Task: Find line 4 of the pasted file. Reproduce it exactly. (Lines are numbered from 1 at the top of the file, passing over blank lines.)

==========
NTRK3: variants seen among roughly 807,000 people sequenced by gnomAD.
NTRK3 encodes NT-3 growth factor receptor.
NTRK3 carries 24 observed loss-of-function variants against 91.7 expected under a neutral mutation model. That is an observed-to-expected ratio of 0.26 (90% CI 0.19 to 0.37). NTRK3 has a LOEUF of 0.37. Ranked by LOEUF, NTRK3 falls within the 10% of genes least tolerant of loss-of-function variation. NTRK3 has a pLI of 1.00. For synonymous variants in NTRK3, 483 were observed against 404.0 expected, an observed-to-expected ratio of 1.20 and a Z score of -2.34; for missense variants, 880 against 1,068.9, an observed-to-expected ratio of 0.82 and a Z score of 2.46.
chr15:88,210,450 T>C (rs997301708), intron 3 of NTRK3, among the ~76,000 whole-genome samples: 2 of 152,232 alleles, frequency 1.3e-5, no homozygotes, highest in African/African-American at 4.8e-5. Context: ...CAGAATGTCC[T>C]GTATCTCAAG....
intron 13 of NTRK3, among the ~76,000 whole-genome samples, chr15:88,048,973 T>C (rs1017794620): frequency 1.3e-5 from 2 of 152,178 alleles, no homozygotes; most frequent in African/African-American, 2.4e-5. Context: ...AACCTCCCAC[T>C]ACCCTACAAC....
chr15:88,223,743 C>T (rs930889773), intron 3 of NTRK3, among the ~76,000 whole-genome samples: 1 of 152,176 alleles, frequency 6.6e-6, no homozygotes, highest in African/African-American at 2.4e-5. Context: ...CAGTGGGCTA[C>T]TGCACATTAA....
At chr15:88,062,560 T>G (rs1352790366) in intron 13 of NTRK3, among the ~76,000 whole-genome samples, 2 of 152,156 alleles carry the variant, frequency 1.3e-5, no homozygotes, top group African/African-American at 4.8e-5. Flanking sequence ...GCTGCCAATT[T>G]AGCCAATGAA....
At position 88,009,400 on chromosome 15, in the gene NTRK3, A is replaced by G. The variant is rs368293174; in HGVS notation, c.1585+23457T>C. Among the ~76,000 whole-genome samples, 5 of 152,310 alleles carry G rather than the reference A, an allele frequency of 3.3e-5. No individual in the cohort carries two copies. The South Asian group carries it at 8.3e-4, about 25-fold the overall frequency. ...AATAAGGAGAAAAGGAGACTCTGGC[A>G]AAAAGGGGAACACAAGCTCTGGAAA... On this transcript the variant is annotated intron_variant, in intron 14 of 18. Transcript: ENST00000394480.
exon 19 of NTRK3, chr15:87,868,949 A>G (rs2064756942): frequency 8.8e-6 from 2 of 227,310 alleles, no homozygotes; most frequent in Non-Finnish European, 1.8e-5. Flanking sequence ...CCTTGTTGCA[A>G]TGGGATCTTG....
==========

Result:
chr15:88,210,450 T>C (rs997301708), intron 3 of NTRK3, among the ~76,000 whole-genome samples: 2 of 152,232 alleles, frequency 1.3e-5, no homozygotes, highest in African/African-American at 4.8e-5. Context: ...CAGAATGTCC[T>C]GTATCTCAAG....